When Employees Take a Summer Vacation Keep Productive Momentum
Can You Negotiate Like Your Life Depends On It? Lessons From an FBI Hostage Negotiator
Everyday life is filled with negotiations. In the morning, you may want a colleague to choose your favorite coffee place, and by the afternoon, you’re desperately trying to keep an angry client from cutting ties with your company. But few of us are asked to take on the responsibility of negotiating for someone’s life. Hostage negotiators
How does your business keep up productive momentum when employees jet off for a week or two? Every summer, this is a question that businesses all over the country try to answer. It’s also a question that impacts businesses differently depending on staff size and organization. Some businesses have enough folks on hand at any given time that the absence of a single person isn’t a big deal. But during the summer, the dynamic can change when more employees decide to take time off, especially one after another. When employees take time off, things are more likely to slip through the cracks, and productivity can take a hit. However, having well-defined vacation policies in place can prevent issues from developing at all. First, be clear about the time-off policy. If you have one department of six people, a reasonable expectation is that only two people from that department may be out at a time. The policy of “first come, first served,” is one of the best ways to approach this situation. It’s fair, and it encourages people to get time-off requests in early, leaving your team more time to plan for the absence. Second, implement time-off request deadlines. When you know a lot of people are going to want to take a few weeks off during the summer, ask that they put in their requests as soon as possible. It allows everyone time to plan so any work is delegated accordingly. On top of that, remind your team to get the requests in before booking any travel arrangements. That way, no one has to play the bad guy when a time-off request gets denied and a hotel booking hangs in the balance. Third, encourage taking vacation. Work-life balance is critical when you want a productive team. Sometimes you have to reiterate that vacations are important, as numerous studies have confirmed. Too often, employees don’t plan vacations because they don’t want to compromise their job in any way, or they feel guilty about leaving. But when people don’t take time off, that’s when productivity takes the biggest hit. The longer people work without taking time for themselves, the more likely they are to experience burnout.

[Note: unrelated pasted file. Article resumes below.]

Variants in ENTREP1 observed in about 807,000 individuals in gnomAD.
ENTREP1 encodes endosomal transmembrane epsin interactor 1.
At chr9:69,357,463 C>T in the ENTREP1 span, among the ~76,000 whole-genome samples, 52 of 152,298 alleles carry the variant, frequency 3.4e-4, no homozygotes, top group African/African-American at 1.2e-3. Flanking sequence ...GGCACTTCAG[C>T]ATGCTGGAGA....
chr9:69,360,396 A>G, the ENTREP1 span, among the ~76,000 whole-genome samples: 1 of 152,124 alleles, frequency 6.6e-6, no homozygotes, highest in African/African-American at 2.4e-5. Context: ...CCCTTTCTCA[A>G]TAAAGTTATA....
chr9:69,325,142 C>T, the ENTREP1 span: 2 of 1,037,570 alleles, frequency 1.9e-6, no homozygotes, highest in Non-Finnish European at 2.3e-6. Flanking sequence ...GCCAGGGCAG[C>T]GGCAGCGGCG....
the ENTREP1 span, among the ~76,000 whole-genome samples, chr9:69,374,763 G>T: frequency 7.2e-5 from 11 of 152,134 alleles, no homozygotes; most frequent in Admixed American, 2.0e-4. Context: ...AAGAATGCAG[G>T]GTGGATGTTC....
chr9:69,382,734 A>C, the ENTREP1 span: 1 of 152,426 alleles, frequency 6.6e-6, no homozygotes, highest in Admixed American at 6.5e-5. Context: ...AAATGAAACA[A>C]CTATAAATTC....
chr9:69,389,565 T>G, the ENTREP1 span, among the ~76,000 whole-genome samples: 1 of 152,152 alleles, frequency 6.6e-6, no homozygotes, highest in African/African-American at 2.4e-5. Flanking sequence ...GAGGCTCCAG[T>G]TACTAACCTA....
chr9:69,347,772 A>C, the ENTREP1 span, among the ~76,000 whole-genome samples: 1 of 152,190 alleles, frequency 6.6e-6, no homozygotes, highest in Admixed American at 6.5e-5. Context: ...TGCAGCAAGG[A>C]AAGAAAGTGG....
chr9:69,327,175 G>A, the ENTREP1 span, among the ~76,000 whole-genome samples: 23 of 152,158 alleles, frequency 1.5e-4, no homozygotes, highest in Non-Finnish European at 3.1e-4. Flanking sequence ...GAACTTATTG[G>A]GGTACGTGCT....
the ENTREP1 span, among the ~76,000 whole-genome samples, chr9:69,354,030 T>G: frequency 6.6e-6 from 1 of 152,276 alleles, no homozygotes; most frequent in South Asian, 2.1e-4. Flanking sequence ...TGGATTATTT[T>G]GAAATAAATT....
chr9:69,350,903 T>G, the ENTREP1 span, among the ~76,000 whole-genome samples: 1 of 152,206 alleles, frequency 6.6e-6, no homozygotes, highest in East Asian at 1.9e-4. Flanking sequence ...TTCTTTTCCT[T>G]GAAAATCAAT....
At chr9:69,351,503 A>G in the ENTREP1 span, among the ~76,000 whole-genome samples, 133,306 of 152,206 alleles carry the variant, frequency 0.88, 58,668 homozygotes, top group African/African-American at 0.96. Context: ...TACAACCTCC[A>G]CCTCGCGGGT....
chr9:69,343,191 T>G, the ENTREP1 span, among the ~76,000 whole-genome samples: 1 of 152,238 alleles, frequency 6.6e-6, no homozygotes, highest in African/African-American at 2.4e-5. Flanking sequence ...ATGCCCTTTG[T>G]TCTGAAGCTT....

are without a doubt the greatest negotiators in the world. With a human life on the line, a hostage negotiator must get 100 percent of what they want for 0 percent of what their opponent wants. How do they do it? Chris Voss, author of “Never Split the Difference: Negotiating As If Your Life Depended On It,” claims that the secret is empathy. Voss didn’t master his skills in negotiation over coffee in the boardroom. Instead, Voss spend 24 years with the FBI Crisis Negotiation Unit. Between 2003 and 2007, Voss acted as the FBI’s chief international hostage and kidnapping negotiator, handling over 150 international hostage situations. During his time with the FBI, Voss realized people are not rational beings. Driven by impulse and emotion, we tend to make irrational decisions. And if people are not rational, why do traditional negotiation strategies treat negotiating like a rational problem to be solved with facts and figures? As a hostage negotiator, Voss learned to appreciate the value of emotional intelligence and intuition. In Chapter 2 of his book, Voss highlights the simple tactic of repeating the last three words the person you’re negotiating with said. This tactic, called mirroring, demands active listening, and can make people feel like they are being heard and understood. Mirroring helps build rapport and improves trust between parties. Too often, we walk into negotiations with the mindset that, in order to win, we must become a puppet master and manipulate the situation. Instead, Voss recommends entering negotiations from a place of empathy. Being empathetic does not mean you agree with another person’s ideas, but that you understand why they hold their ideas. And when you understand, you can make sure you both get what you want. Voss’ strategies were developed in high-stakes situations, but they can be easily replicated in everyday negotiation. “Never Split the Difference” is a book about selling yourself, diffusing situations, and achieving the most desirable outcome. With lessons in emotional intelligence and intuition, “Never Split the Difference” can give you an edge in any situation.www.sklartechnology.com
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